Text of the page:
Tom left a nice prototyping area on the LogoBoard when he designed it, so I built the rest of the circuit there. I soldered a header socket into the connector for pin C2, plugged the NPN transistor into the breadboard section, and plugged in the base resistor and the gate and ground leads from the FET assembly.
Here’s what the whole works looks like when it’s all hooked up:
For prototyping, I reused my old motor-pwm-demo.txt program, even though it has some extra stuff that’s not needed here. I called
pwm-init and then
pwm-set 255 255 to shut the motor off. (Remember, it’s backwards logic because of the inverting effect of the NPN switching transistor.)
pwm-set 255 0 turned the motor on at full speed, and
pwm-set 255 128 selected a medium speed.
pwm-set 255 196 was about as slow as it could reliably go.
To explain the code, the first parameter (the one that I’m always calling with 255) is the period of the control pulse–the higher the number, the longer between consecutive pulses (i.e. the slower the pulse train). The second parameter is the pulse width–how long each pulse output should be on. So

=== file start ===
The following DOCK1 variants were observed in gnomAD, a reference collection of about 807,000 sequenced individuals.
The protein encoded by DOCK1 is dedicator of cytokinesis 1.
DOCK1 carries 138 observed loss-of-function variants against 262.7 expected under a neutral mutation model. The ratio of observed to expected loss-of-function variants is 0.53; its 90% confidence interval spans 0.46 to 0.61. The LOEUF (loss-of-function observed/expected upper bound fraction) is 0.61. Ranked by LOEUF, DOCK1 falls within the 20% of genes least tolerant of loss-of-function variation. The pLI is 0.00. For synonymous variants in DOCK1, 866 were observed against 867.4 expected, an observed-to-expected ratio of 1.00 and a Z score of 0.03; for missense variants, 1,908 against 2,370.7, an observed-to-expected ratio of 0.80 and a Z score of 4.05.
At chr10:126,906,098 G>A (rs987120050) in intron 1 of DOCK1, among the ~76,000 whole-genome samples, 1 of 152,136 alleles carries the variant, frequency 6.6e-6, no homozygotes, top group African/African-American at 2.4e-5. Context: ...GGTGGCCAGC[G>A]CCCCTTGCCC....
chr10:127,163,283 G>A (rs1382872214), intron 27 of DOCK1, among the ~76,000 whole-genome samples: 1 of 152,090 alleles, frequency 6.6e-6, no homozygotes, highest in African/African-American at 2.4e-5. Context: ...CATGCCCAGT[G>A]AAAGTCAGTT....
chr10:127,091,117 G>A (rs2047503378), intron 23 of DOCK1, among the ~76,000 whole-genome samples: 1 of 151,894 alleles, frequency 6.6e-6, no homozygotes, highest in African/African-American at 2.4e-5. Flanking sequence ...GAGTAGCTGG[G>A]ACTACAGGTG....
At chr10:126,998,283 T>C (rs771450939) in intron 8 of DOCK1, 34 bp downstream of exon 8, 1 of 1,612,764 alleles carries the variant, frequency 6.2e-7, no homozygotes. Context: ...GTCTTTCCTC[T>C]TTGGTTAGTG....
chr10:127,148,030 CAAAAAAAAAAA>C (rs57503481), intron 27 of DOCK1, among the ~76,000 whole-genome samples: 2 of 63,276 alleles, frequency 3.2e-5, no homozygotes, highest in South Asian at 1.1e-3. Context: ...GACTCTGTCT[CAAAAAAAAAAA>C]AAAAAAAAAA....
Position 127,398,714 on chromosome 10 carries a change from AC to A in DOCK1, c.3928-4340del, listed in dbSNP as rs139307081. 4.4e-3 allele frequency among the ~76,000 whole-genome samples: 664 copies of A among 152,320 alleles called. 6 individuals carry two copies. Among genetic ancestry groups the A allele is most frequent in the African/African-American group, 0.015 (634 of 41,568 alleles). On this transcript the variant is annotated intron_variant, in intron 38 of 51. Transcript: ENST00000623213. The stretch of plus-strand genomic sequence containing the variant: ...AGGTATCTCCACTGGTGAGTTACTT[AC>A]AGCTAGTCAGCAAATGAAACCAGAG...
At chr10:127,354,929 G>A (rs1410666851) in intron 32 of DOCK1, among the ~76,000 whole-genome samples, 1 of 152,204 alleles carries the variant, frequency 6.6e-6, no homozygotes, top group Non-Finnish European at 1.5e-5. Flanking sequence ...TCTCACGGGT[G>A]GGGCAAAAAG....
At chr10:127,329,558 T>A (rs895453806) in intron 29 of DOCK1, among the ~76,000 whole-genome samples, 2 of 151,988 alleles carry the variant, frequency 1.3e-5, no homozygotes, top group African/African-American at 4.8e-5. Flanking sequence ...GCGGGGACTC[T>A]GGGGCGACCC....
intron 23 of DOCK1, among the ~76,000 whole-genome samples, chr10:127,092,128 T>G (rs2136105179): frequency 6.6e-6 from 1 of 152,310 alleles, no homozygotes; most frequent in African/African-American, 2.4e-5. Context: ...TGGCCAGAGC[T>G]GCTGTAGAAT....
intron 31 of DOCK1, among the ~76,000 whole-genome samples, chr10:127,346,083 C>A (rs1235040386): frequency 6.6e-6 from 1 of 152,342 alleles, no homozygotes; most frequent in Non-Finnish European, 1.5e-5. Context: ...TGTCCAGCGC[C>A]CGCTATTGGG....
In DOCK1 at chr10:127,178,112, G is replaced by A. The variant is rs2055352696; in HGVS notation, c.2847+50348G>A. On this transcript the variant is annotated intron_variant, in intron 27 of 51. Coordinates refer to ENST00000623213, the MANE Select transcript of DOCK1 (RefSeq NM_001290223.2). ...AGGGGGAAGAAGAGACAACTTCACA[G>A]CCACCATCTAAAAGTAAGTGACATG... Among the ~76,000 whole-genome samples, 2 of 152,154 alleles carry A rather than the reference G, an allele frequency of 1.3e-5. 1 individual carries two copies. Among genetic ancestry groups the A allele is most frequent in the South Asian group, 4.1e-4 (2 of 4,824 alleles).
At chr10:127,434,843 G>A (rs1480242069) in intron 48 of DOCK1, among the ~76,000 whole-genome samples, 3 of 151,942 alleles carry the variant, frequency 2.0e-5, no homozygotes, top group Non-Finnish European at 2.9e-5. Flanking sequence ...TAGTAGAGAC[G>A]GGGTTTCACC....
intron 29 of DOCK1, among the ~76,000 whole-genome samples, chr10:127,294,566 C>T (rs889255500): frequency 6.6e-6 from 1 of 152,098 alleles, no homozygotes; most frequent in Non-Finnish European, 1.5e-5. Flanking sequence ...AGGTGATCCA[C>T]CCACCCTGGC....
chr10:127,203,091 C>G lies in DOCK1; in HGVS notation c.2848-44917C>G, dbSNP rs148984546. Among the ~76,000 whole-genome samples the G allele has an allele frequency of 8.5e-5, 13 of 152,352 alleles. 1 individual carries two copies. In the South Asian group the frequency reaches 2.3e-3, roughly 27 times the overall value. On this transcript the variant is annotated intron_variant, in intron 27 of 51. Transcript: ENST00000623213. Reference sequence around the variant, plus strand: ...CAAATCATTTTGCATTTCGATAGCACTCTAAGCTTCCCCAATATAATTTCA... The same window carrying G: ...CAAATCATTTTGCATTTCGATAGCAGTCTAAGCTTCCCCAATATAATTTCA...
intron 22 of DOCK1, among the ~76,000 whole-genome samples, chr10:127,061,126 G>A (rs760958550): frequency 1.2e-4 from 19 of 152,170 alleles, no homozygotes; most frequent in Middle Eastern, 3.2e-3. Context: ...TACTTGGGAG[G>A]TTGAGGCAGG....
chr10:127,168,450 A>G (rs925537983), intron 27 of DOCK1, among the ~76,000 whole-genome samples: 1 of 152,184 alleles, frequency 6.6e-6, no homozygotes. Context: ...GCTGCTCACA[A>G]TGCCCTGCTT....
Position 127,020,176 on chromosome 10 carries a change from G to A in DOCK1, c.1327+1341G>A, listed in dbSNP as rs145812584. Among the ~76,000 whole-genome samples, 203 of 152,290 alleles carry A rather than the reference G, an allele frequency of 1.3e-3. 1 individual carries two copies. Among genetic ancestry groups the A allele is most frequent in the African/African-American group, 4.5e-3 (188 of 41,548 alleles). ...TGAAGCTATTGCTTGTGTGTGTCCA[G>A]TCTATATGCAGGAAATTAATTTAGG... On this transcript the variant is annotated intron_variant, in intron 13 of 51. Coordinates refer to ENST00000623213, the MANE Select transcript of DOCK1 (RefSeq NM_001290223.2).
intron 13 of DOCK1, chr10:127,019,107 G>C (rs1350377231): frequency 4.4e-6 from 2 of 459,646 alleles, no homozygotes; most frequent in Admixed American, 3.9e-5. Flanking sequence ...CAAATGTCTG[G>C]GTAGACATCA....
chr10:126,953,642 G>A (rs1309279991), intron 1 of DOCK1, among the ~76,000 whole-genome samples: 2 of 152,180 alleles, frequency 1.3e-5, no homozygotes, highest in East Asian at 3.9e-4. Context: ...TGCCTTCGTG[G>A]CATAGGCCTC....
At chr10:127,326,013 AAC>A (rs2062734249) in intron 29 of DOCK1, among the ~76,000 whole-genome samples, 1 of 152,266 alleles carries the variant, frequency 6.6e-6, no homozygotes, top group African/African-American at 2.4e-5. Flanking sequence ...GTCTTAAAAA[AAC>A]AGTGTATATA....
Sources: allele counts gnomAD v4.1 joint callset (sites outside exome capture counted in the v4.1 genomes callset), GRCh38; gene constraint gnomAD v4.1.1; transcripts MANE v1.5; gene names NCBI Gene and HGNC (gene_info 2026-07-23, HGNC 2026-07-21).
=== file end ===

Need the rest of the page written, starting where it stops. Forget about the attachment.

pwm-set 128 64 should have about the same effect as
pwm-set 255 128, only twice as fast (half as long).
Unfortunately, that ain’t quite so. Due to the inductive effects of the motor coils, some frequencies of PWM control work better (more efficiently) than others. In this case, the lower control frequency is more efficient–the motor runs a little faster at 255/128 (longer pulse = lower speed) than at 128/64 (shorter pulse = higher speed).
Worse, the motor would probably like it even better if the control frequency were even lower. But I can’t do that–I’m already running the PWM clock at its lowest speed and dividing that speed as far down as it goes. This is as good as it gets.
Motor On at Powerup
When the circuit powers on, port C2 is set as an input, so the MOSFET’s pull-up resistor pulls the line high and the motor turns on at full speed. That’s bad; you never want mechanical systems initiating motion before the control systems come online.